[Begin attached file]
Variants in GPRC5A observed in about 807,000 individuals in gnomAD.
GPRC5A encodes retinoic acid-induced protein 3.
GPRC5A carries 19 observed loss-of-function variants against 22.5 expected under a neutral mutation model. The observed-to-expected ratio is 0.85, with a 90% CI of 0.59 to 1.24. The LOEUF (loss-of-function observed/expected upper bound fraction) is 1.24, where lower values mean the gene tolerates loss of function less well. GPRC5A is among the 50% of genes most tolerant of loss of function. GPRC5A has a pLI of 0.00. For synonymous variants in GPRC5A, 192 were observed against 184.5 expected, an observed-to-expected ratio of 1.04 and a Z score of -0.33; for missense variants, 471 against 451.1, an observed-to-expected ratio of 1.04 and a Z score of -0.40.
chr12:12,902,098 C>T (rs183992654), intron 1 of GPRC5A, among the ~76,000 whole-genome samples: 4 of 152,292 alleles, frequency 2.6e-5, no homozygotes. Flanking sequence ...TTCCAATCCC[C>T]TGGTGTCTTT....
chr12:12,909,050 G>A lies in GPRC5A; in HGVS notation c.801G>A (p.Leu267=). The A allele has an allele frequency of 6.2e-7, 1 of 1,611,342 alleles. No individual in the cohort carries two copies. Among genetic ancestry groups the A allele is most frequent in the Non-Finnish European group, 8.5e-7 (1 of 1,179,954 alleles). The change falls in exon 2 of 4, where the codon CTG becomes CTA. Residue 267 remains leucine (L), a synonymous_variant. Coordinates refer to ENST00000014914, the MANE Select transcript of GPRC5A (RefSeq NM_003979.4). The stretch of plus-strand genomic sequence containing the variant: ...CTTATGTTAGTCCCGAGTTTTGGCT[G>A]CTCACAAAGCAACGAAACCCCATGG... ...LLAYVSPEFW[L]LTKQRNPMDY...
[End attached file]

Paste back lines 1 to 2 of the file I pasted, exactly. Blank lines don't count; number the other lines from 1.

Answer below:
Variants in GPRC5A observed in about 807,000 individuals in gnomAD.
GPRC5A encodes retinoic acid-induced protein 3.